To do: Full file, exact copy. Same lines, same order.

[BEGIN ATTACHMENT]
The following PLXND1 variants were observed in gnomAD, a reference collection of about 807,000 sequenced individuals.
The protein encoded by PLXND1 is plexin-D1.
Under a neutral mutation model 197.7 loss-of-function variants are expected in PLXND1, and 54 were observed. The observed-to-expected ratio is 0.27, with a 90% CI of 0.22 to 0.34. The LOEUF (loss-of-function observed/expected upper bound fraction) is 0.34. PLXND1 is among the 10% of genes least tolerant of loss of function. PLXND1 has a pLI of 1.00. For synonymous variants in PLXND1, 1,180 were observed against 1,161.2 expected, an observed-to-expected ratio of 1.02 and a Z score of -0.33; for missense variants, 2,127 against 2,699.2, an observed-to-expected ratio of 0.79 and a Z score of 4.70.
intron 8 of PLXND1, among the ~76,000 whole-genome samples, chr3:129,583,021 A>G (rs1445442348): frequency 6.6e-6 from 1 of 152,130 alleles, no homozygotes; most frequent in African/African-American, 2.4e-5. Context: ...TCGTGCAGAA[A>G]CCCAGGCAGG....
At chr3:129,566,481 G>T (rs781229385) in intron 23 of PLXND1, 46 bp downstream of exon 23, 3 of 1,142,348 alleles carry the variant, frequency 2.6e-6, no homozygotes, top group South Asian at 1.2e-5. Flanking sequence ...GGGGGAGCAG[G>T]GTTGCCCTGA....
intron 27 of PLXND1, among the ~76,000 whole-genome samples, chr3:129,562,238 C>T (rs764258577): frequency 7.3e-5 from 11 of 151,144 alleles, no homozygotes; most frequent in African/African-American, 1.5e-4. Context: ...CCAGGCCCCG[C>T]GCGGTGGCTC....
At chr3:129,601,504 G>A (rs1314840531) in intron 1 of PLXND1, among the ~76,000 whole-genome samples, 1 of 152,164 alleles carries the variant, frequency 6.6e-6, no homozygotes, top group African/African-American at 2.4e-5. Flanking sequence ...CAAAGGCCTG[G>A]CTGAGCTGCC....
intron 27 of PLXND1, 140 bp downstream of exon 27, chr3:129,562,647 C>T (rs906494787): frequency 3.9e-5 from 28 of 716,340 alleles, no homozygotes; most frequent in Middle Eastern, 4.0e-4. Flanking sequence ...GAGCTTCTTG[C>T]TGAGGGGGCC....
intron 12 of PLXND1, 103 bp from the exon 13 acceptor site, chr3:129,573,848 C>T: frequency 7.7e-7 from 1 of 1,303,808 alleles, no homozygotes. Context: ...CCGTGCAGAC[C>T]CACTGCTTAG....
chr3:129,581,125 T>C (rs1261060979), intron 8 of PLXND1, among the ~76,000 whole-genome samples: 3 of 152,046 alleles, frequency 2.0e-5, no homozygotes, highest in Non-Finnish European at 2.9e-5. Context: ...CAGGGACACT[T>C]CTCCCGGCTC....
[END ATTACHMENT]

The following PLXND1 variants were observed in gnomAD, a reference collection of about 807,000 sequenced individuals.
The protein encoded by PLXND1 is plexin-D1.
Under a neutral mutation model 197.7 loss-of-function variants are expected in PLXND1, and 54 were observed. The observed-to-expected ratio is 0.27, with a 90% CI of 0.22 to 0.34. The LOEUF (loss-of-function observed/expected upper bound fraction) is 0.34. PLXND1 is among the 10% of genes least tolerant of loss of function. PLXND1 has a pLI of 1.00. For synonymous variants in PLXND1, 1,180 were observed against 1,161.2 expected, an observed-to-expected ratio of 1.02 and a Z score of -0.33; for missense variants, 2,127 against 2,699.2, an observed-to-expected ratio of 0.79 and a Z score of 4.70.
intron 8 of PLXND1, among the ~76,000 whole-genome samples, chr3:129,583,021 A>G (rs1445442348): frequency 6.6e-6 from 1 of 152,130 alleles, no homozygotes; most frequent in African/African-American, 2.4e-5. Context: ...TCGTGCAGAA[A>G]CCCAGGCAGG....
At chr3:129,566,481 G>T (rs781229385) in intron 23 of PLXND1, 46 bp downstream of exon 23, 3 of 1,142,348 alleles carry the variant, frequency 2.6e-6, no homozygotes, top group South Asian at 1.2e-5. Flanking sequence ...GGGGGAGCAG[G>T]GTTGCCCTGA....
intron 27 of PLXND1, among the ~76,000 whole-genome samples, chr3:129,562,238 C>T (rs764258577): frequency 7.3e-5 from 11 of 151,144 alleles, no homozygotes; most frequent in African/African-American, 1.5e-4. Context: ...CCAGGCCCCG[C>T]GCGGTGGCTC....
At chr3:129,601,504 G>A (rs1314840531) in intron 1 of PLXND1, among the ~76,000 whole-genome samples, 1 of 152,164 alleles carries the variant, frequency 6.6e-6, no homozygotes, top group African/African-American at 2.4e-5. Flanking sequence ...CAAAGGCCTG[G>A]CTGAGCTGCC....
intron 27 of PLXND1, 140 bp downstream of exon 27, chr3:129,562,647 C>T (rs906494787): frequency 3.9e-5 from 28 of 716,340 alleles, no homozygotes; most frequent in Middle Eastern, 4.0e-4. Flanking sequence ...GAGCTTCTTG[C>T]TGAGGGGGCC....
intron 12 of PLXND1, 103 bp from the exon 13 acceptor site, chr3:129,573,848 C>T: frequency 7.7e-7 from 1 of 1,303,808 alleles, no homozygotes. Context: ...CCGTGCAGAC[C>T]CACTGCTTAG....
chr3:129,581,125 T>C (rs1261060979), intron 8 of PLXND1, among the ~76,000 whole-genome samples: 3 of 152,046 alleles, frequency 2.0e-5, no homozygotes, highest in Non-Finnish European at 2.9e-5. Context: ...CAGGGACACT[T>C]CTCCCGGCTC....